I knew that there were a lot of words out there to talk about drinking and being drunk in English. Of the top of my head, I could think of at least 40!
Then I did a little research and found that there are THOUSANDS of words that are used to mean “drunk” in English. To be honest, most of these are uncommon, but they are all still understandable to the average English speaker.
To do something a little different today, here is a list of some of the more common ways to express being drunk in American English. If you can think of any more expressions, feel free to leave me a message or comment!
If you have just had a beer or two:
-feel a buzz/have a buzz (verb phrase)
If you are in a formal situation (or with the cops):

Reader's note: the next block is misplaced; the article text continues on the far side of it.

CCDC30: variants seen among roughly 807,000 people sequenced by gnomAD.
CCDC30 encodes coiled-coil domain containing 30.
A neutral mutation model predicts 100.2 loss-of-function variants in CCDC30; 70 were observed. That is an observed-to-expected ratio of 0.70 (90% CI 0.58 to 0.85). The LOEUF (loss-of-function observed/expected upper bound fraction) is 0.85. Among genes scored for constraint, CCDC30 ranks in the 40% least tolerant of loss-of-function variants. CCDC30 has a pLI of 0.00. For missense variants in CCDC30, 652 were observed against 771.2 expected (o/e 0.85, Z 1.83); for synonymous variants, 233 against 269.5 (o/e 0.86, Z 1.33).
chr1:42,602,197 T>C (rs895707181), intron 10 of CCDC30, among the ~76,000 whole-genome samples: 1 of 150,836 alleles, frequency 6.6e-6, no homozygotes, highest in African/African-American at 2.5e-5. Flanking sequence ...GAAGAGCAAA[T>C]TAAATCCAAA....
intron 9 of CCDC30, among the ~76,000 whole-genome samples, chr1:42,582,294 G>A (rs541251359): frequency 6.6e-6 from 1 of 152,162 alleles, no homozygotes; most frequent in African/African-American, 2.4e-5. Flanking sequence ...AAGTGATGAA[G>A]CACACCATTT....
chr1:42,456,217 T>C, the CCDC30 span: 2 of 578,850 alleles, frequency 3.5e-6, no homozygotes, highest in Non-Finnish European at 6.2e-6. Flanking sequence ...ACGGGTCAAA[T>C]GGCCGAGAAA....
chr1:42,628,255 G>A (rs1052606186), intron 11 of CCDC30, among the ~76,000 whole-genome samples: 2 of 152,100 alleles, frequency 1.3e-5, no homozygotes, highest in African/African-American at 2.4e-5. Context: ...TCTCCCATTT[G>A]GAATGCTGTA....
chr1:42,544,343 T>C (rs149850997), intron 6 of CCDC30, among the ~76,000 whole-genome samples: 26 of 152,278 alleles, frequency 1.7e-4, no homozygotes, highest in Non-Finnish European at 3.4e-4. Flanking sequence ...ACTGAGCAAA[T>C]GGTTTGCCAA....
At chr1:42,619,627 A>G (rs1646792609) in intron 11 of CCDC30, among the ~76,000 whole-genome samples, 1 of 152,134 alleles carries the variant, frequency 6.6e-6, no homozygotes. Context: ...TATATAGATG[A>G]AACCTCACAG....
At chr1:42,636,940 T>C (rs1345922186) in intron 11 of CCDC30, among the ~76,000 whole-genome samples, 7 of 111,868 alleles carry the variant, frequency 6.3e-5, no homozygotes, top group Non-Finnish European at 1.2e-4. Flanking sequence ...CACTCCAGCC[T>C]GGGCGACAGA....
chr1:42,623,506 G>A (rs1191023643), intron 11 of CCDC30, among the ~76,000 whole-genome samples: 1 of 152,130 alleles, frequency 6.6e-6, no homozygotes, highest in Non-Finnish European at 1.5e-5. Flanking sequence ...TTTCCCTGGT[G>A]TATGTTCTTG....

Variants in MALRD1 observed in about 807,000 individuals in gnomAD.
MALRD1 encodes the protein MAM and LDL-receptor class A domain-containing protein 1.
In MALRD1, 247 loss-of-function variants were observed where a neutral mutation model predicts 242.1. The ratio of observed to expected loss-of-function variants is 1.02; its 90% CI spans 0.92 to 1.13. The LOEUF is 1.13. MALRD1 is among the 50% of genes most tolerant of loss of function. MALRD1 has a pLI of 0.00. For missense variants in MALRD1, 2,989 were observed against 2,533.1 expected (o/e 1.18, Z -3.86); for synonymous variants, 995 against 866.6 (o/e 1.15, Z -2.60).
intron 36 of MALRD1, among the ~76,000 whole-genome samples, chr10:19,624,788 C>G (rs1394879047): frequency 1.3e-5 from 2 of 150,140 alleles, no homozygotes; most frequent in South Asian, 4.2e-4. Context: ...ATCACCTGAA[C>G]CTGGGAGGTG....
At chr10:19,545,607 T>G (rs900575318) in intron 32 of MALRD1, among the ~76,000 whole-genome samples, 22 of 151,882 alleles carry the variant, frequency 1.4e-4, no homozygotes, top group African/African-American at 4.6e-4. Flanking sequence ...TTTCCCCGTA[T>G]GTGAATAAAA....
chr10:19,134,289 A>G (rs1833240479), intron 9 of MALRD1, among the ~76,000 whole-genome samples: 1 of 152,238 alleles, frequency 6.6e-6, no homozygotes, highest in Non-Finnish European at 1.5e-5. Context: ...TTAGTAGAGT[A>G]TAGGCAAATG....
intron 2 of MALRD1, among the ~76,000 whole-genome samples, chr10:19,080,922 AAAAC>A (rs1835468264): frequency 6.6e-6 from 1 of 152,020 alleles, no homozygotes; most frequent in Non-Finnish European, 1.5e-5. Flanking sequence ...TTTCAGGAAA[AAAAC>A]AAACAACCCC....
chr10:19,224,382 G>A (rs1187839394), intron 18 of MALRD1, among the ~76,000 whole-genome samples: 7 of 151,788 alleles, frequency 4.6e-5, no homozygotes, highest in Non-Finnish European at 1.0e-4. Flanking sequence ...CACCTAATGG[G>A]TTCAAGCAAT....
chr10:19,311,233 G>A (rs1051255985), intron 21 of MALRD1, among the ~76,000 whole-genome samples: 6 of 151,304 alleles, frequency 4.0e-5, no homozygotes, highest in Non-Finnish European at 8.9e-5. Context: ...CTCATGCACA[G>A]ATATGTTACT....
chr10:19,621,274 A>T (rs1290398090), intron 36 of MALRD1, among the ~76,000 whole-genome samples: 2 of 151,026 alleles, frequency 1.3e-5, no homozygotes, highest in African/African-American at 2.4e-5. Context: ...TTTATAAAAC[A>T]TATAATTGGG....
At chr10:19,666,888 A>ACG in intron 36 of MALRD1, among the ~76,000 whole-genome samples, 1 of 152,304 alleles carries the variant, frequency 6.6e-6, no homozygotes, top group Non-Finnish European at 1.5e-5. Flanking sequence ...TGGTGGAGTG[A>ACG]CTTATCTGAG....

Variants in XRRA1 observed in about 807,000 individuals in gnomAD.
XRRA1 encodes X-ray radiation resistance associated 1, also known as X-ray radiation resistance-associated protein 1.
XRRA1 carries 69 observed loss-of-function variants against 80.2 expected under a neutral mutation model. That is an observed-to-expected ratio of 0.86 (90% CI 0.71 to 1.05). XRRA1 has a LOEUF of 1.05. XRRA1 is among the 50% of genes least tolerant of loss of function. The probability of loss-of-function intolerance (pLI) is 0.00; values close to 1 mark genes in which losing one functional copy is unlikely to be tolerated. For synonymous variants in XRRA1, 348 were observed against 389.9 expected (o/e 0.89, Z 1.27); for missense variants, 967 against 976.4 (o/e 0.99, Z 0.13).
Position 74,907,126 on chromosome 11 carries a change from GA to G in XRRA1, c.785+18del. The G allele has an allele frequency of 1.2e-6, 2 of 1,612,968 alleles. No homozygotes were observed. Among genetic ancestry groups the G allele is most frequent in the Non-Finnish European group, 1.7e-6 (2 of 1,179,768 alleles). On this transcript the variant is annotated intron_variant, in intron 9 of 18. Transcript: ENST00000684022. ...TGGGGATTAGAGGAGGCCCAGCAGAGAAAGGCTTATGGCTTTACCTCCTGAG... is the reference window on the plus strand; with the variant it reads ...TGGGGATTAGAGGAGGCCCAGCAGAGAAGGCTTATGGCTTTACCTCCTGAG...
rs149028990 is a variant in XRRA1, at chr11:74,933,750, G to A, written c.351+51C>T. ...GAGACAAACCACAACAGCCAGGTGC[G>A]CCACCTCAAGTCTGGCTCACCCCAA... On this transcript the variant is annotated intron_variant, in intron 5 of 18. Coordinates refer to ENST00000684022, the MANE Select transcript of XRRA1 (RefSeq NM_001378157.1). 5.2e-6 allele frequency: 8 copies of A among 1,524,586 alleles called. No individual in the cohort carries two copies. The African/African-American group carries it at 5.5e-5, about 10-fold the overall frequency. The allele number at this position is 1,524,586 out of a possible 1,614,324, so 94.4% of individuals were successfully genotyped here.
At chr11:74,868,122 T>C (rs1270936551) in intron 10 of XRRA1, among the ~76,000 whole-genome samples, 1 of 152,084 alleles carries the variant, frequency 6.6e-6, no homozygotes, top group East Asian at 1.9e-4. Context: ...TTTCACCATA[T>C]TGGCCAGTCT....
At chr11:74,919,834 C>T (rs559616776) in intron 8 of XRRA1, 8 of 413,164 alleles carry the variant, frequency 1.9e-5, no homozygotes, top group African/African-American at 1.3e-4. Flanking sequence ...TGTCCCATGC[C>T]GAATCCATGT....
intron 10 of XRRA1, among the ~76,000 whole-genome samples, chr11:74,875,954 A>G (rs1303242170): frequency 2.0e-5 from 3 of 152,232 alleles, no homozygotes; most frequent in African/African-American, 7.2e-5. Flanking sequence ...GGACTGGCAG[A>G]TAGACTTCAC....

-under the influence / under the influence of alcohol (verb phrase)
Expressions for straight-up drunk:
-drunk as a skunk (idiom)
-about gone (adj)
-long gone (adj)
-stinking drunk (adj)
-sh*t-faced (adj) *very informal
-f*cked up (adj) *very informal
-three sheets to the wind (idiom)
-off the wagon (idiom)
-jober as a sudge (silly idiom)
-cork high and bottle deep (idiom)
-had a few too many (idiom)
-at peace with the floor (idiom)
-on a bender (idiom)
-off his/her face (idiom) *common in the UK
-pissed (adj) *UK only (in the USA, this actually means “angry”)
-boozed up (adj)
-alkied up (adj)
-liquored up (adj)
-on the rocks (idiom)
-turnt up (adj)
These are just some of the more common ones that I have heard and used in the USA. Like I mentioned above, there are tons more!
If you do end up drinking this weekend (if you are old enough to drink alcohol), remember to drink responsibly and have fun!